In the episode that Wilson calls “one of the most horrible and haunting of the whole poem,” Odysseus returns home to find that his palace has been overrun by suitors for his wife’s hand. Though she has resisted them, the women in her palace have not. Odysseus, after slaying the suitors, tells his son, Telemachus, to kill the women. It is an interesting injunction from Odysseus, who himself, during his 10 years of wandering, was serially unfaithful. In Robert Fagles’s much-praised translation of the poem, Telemachus says, before he executes the palace women on his father’s command: “No clean death for the likes of them, by god!/Not from me — they showered abuse on my head, my mother’s too!/You sluts — the suitors’ whores!”
But Wilson, in her introduction, reminds us that these palace women — “maidservants” has often been put forward as a “correct” translation of the Greek δμωαι, dmoai, which Wilson calls “an entirely misleading and also not at all literal translation,” the root of the Greek meaning “to overpower, to tame, to subdue” — weren’t free. Rather, they were slaves, and if women, only barely. Young female slaves in a palace would have had little agency to resist the demands of powerful men. Where Fagles wrote “whores” and “the likes of them” — and Lattimore “the creatures” — the original Greek, Wilson explained, is just a feminine definite article meaning “female ones.” To call them “whores” and “creatures” reflects, for Wilson, “a misogynistic agenda”: their translators’ interpretation of how these females would be defined. Here is how Wilson renders their undoing:
"I refuse to grant these girls
a clean death, since they poured down shame on me
and Mother, when they lay beside the suitors.”
At that, he wound a piece of sailor’s rope
round the rotunda and round the mighty pillar,
stretched up so high no foot could touch the ground.
As doves or thrushes spread their wings to fly
home to their nests, but someone sets a trap —
they crash into a net, a bitter bedtime;
just so the girls, their heads all in a row,
were strung up with the noose around their necks
to make their death an agony. They gasped,
feet twitching for a while, but not for long.
In many cases, dying young grants many artists a type of sainthood, forever shrouding them in mystery, and protecting their profile from the inevitable creative and stylistic ravages of age. Some famous examples are Jimi Hendrix, Janis Joplin, Jim Belushi, Kurt Cobain, and poet Frank Stanford.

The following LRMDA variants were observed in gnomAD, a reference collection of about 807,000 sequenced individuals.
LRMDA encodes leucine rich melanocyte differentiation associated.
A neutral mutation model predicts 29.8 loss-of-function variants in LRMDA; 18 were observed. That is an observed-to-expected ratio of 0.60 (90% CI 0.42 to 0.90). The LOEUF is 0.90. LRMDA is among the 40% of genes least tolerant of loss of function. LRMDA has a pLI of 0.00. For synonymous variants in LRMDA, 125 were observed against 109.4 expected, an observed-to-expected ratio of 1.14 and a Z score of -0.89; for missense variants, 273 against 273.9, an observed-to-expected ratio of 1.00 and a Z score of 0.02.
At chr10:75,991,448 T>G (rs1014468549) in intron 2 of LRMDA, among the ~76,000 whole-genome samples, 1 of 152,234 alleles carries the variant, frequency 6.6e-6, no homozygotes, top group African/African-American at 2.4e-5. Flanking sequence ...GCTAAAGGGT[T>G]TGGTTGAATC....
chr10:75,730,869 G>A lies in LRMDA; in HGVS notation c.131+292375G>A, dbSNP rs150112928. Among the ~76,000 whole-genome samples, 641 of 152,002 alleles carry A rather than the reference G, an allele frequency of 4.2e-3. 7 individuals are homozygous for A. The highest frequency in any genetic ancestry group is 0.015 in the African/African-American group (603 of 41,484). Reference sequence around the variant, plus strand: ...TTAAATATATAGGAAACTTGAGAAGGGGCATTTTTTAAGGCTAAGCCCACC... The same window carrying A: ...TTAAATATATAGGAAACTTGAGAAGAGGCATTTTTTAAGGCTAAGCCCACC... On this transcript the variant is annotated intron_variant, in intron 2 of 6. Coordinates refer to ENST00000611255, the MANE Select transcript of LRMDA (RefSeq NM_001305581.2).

For the Poetry Foundation, writer Ben Ehrenreich sifts through Stanford’s papers at Yale, gives his work a close read and travels to Arkansas where Stanford grew up and eventually met his end in 1978. Best known for the 500-page poetic magnum opus The Battlefield Where the Moon Says I Love You, unanswered questions still swirl around the young poet, questions about what parts of his mythology were self-made or true. Called “a swamprat Rimbaud,” Stanford had a strong relationship with death, both on and off the page, and the pages he left behind continue to inspire and tantalize readers, as new generations discover his dense, singular, ethereal work.
Death is everywhere in Stanford’s poetry, and it often drives a Cadillac. It’s there—he’s there, I should say—in the first lines of The Battlefield, which begins with the funeral of young Francis’ nanny: “well that black Cadillac drove right up to your front door / and the chauffeur was death / he knocked on the screen he said come on woman let’s take a ride.”
In much of the work Stanford published in the mid-1970s—presumably written in the poet’s early and mid-20s, around the time he bid academia goodbye—death took center stage. As time passed, death gradually pushed everything else to the sidelines, everything but love, which grew more pained and brittle as the years went by. Stanford’s “biggest love affair,” C.D. Wright told me with a tired smile, “was with death.” And he was not a man known for being stingy with love.
Eileen Myles attends the annual Edinburgh International Book Festival at Charlotte Square Gardens on August 23, 2017 in Edinburgh, Scotland. (Photo by Roberto Ricciuti/Getty Images)